The Fascinating Facts About One of Michelle Obama’s Guests for Tuesday’s Big Speech (Hint: She’s 102)

In this Jan. 21, 2013, file photo, President Barack Obama and Michelle Obama wave to guests after their dance at the Inaugural Ball at the 57th Presidential Inauguration in Washington. (Photo: AP)

(TheBlaze/AP) — A determined Florida centenarian who had to make two trips and wait several hours to vote for President Barack Obama last fall will sit with first lady Michelle Obama during Tuesday’s State of the Union.

102-year-old Desiline Victor of Miami says she endured a weather-delayed flight to Washington on Monday in order to get to town for Obama’s address, but she doesn’t mind.  Among the honored guests to be seated with Mrs. Obama, she says the opportunity is a “a beautiful thing.”

Victor went to the polls on the first Sunday of early voting in Florida, and says she had to make two visits to her voting precinct– waited three hours on the first attempt– in order to cast her vote for Obama.

Her determination, despite the physical strain, inspired others to remain and endure up to six-hour waits, the Associated Press writes.

“I’m very happy, very proud,” she said, her nephew Mathieu Pierre-Louis translating for her from her native Creole.

But Victor says her vote, in particular, was special.  She says she actually loves the president and will tell him if she gets a chance.

People stand in line to deliver their voter registration forms to a Miami-Dade Elections Department officials on the final day for voters to register to vote in the upcoming elections on October 9, 2012 in Miami, Florida. (Photo: Getty Images)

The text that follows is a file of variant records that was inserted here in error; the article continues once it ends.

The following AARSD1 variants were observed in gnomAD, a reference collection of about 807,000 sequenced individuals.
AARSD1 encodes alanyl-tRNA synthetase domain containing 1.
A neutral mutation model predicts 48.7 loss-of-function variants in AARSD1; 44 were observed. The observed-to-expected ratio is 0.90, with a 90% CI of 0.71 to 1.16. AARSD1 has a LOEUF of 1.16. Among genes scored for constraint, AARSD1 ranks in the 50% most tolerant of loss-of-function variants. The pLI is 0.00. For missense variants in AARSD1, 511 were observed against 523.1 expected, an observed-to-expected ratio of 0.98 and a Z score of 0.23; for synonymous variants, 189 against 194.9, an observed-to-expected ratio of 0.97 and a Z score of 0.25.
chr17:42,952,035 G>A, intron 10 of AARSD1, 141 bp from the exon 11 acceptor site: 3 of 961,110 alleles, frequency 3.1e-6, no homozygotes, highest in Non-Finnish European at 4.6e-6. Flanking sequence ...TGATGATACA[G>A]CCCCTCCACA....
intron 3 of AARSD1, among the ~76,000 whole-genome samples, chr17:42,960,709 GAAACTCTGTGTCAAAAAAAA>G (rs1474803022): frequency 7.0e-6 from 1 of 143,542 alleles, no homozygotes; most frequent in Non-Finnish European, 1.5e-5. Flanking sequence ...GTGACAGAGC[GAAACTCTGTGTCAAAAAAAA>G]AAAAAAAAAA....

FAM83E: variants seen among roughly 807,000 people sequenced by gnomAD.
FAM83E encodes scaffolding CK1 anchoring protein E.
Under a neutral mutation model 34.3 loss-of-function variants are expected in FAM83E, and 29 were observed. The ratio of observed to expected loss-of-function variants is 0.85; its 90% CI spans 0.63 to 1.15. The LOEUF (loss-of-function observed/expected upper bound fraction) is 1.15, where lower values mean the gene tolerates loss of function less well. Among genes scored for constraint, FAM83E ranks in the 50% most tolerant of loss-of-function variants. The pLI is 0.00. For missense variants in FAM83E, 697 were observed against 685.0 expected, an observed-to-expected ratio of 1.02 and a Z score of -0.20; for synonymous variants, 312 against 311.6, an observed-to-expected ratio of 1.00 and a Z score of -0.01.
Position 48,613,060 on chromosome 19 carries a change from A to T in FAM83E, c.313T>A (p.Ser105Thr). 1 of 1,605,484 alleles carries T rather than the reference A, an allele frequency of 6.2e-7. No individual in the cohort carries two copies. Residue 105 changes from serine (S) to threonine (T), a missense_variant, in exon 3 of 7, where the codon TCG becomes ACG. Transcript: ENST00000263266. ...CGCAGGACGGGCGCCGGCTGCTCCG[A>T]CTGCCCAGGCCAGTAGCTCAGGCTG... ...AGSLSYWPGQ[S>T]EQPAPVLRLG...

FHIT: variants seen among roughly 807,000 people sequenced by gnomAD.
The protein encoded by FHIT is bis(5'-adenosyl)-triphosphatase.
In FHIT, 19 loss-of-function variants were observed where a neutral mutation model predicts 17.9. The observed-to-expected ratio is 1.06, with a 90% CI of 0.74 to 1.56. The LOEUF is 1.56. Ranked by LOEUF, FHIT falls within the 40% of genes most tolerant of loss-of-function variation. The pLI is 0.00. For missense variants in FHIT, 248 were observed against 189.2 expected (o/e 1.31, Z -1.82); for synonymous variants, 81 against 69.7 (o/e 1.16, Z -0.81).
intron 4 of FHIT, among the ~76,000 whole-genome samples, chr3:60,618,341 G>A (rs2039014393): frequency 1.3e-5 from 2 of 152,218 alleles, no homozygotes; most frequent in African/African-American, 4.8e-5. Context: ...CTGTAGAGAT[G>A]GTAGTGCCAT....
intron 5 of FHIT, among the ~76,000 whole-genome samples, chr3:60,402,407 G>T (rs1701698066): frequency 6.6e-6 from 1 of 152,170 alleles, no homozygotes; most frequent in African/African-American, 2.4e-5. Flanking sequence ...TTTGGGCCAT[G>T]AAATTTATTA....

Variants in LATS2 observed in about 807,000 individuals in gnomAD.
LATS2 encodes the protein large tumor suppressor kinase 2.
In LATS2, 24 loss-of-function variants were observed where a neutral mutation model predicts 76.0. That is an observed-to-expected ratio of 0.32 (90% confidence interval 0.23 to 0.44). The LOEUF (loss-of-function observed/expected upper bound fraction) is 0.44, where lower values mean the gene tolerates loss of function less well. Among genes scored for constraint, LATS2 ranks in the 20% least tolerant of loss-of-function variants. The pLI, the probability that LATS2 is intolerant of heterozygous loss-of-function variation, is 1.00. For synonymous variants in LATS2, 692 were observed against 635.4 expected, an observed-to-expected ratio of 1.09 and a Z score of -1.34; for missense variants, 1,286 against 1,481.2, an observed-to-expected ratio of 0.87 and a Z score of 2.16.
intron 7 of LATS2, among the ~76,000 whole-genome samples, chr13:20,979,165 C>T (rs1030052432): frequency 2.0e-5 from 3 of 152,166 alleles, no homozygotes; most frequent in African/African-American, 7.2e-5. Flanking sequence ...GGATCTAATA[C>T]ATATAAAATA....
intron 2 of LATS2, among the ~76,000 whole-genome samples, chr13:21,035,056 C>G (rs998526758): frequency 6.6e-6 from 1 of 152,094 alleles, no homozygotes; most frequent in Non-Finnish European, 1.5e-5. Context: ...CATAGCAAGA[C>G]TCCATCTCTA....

A farmworker from Haiti, Victor was born in 1910. She arrived in the U.S. in 1989 and was naturalized in 2005. She first voted in the 2008 presidential election and cast her ballot for Obama.

Judith Browne Dianis, co-director of the Advancement Project, a group that advocates for civil rights, said Victor’s story underscores the need to fix the voting system to ensure, among other things, that it accommodates elderly voters.

“It’s clear Ms. Victor’s story is a story that shows the tenacity of a voter to overcome barriers,” Davis said. “Unfortunately there were dozens who didn’t get to vote because of problems.”

According to the Washington Post, Victor has purchased a new coat in preparation for her trip.  While the rest of the night may be formal and televised, Victor expects she’ll immediately feel comfortable around the president.

“I call him ‘my son,’ ” she explained. “I feel like he is my son.”

Michelle Obama has also invited someone affected by the Newtown, Connecticut tragedy to sit with her at the State of the Union, the Huffington Post has confirmed, though that person’s name has not yet been revealed.